Getting closer and closer to the finale of a show it can be hard to keep a storyline from getting too complicated, and even the task of keeping the narrative set on the important parts of the overall story rather than branching into less important aspects of it (which is very much allowed when a series begins) can be pretty hard one to achieve. However, American Horror Story seems to be doing pretty well on that regard by centering this episode on the current narrative and clearing up mysteries rather than attempting to build up bigger questions.
The storyline this week was centered on Violet – A character that was completely absent from last week’s episode except for a reference to a sandwich made for her and Constance’s idea that her boyfriend was having sex with her. In this case we actually get to know more about the situation the character is living; for it is heavily hinted from the beginning of the episode (and later confirmed) that Violet has been dead for quite some time. Other than that, however, there’s very little the episode tells us – It clears us several doubts about Larry, particularly about the way in which he got disfigured and gives us more insight into Tate’s personality previous to the school shooting. Sadly, the whole Tate being the rubber man idea goes on and his recklessness keeps on appearing over and over in several scenes that I believe are better ignored for the good of the series – Having him be both Violet’s beau and a horrible psychopath who’s absolutely reckless about the results of his actions make him a little too much of a strange character for my taste.
Other than that, a smaller part of the episode was dedicated to Ben and Vivien, who are now on the way to hopefully fixing the marriage – if the house allows them to, with Ben finally understanding that Vivien was indeed raped by the rubber man. However, Ben’s offer of getting Vivien outside bedlam is met with a blatant refusal to going back to the house. Constance also has her part in the episode after she becomes the main suspect on an investigation regarding Travis’ murder, where she is revealed by the local police that she’s been a suspect murderer for a long time already. However, Larry jumps in to save the day by bringing the murder weapon and confessing the crime to the police in an attempt to get Constance’s love back – Even when she refuses to acknowledge ever having any kind of esteem for him.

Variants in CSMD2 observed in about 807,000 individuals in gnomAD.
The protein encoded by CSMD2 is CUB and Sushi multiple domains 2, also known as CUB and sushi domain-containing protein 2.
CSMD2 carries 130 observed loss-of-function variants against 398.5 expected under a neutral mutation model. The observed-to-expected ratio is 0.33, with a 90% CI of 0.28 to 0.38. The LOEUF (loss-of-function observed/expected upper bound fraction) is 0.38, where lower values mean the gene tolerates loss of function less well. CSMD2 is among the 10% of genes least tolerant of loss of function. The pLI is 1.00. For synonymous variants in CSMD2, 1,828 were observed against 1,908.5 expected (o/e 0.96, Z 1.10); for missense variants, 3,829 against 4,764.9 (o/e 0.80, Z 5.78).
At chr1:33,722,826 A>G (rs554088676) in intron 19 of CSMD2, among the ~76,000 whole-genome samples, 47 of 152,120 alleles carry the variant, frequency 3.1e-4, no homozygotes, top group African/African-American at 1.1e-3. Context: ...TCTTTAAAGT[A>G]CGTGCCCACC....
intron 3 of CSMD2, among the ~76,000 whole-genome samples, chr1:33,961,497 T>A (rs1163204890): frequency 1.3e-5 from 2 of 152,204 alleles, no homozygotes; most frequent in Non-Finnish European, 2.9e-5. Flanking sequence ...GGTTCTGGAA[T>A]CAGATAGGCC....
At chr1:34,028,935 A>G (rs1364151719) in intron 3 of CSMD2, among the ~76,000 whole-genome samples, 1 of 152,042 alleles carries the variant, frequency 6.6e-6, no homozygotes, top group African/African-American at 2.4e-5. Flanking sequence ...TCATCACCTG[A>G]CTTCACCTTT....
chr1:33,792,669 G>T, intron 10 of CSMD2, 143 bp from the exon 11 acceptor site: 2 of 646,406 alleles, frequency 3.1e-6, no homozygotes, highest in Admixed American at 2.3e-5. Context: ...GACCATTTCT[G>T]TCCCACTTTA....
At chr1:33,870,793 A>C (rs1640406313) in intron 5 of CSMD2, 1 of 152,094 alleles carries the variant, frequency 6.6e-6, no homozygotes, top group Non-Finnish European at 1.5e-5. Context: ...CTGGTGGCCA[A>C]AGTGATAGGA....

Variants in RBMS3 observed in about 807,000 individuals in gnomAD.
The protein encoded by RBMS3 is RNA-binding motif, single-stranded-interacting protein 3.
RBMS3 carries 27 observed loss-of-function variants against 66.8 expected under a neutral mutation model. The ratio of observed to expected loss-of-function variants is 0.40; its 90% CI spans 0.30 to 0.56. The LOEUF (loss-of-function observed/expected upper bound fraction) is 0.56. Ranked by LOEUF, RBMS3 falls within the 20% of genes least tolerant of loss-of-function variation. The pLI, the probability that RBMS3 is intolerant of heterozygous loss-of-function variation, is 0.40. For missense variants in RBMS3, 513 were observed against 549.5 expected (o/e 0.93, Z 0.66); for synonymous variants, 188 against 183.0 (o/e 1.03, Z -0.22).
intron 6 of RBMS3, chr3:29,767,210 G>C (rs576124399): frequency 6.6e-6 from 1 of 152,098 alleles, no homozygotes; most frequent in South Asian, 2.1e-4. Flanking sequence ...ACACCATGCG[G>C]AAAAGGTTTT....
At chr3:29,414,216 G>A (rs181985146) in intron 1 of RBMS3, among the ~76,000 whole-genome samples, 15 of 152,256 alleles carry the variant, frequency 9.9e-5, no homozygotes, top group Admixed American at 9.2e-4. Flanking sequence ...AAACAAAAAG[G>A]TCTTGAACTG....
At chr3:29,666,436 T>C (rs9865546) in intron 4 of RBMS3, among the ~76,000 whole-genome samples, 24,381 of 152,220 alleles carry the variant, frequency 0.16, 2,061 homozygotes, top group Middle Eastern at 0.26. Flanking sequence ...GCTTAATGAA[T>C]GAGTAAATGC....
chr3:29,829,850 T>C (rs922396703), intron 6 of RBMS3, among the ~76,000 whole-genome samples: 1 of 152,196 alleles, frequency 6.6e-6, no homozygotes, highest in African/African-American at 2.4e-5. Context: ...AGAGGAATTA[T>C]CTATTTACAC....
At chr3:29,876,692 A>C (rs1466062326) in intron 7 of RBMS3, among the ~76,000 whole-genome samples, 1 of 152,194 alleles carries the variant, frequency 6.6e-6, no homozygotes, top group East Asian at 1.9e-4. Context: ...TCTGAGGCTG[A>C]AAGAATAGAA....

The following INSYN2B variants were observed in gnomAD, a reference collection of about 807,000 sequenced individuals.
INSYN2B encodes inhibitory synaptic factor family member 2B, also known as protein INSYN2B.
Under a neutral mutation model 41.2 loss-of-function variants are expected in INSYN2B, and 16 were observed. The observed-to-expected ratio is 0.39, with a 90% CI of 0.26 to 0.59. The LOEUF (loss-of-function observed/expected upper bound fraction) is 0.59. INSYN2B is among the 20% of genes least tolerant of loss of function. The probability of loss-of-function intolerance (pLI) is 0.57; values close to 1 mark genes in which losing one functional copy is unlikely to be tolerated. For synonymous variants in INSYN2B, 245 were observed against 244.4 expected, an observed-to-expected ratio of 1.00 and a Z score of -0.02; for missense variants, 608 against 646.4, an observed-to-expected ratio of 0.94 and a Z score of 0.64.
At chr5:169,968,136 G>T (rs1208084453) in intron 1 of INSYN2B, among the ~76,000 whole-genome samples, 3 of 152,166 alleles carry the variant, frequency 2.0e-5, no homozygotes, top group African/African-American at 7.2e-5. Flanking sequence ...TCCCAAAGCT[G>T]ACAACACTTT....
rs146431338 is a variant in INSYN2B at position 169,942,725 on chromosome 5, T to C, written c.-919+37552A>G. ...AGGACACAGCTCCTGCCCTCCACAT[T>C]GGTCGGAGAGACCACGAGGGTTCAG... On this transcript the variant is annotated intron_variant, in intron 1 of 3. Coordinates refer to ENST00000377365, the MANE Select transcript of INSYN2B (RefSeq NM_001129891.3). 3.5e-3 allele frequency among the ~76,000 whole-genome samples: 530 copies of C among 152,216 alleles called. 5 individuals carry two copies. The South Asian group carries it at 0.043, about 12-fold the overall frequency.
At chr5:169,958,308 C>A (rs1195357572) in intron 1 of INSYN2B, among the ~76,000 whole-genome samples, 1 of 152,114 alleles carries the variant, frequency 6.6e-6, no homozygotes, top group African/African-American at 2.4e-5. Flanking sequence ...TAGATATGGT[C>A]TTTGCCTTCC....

Though seemingly short on plot advancement, Smoldering Children (That’s a reference to Larry’s children I’m sure) is actually one of the best episodes in the series so far – Somewhat slow-paced yet presented in such a way that the drama doesn’t stop. From Constance’s state as a suspect of murder, something that was doubtlessly done for the writers to be able to put Larry on a bus, to the whole of the storyline regarding Violet, Smoldering Children weaves its own storyline beautifully, somewhat going back to the heights the show reached with Halloween, Part 2 and Piggy Piggy. Violet’s storyline, for example, creates a psychological thriller inside of the episode and the ramifications to finding her body will sure impact the next episodes greatly, possibly even putting Ben on jail after the body of his daughter is found and forensic tests determine she died several weeks before while he kept telling the school council she’d go there the following day.
Another interesting ramification of this is the impact the news will have on Vivien, who will surely want to know even less of the house after that, though even more interesting shall be how (and if) it will affect her pregnancy and to what extent it will do so. Perhaps the last question I had after this episode was whether Moira knew about Violet’s death or not; for she has become quite an enigma of herself, having shown she isn’t really a nice, charitable soul yet also not a monster that’s allied with the house – She seems to have her own reasons to do what she does, some of them pretty selfish, but it is actually very hard to know what side she’s on or even if she’s on anyone’s side but herself. Beautiful as her character is, Moira is one of the most enigmatic characters in the house, and the fact that Constance’s husband isn’t haunting the house yet Moira is raises some more questions regarding how or when exactly people become ghosts, especially considering it’s been pretty much stated that Moira should be able to pass on shall her dead body be found.
Overall, Smoldering Children can be counted as one of the best American Horror Story episodes to date and it is indeed a very nice set up for the series finale. Though still a bit rough over the edges, it is one of the most engrossing episodes in the series so far and definitely the raise in quality the series needed after the horrible Rubber Man episode.
Final review rating: 4.5/5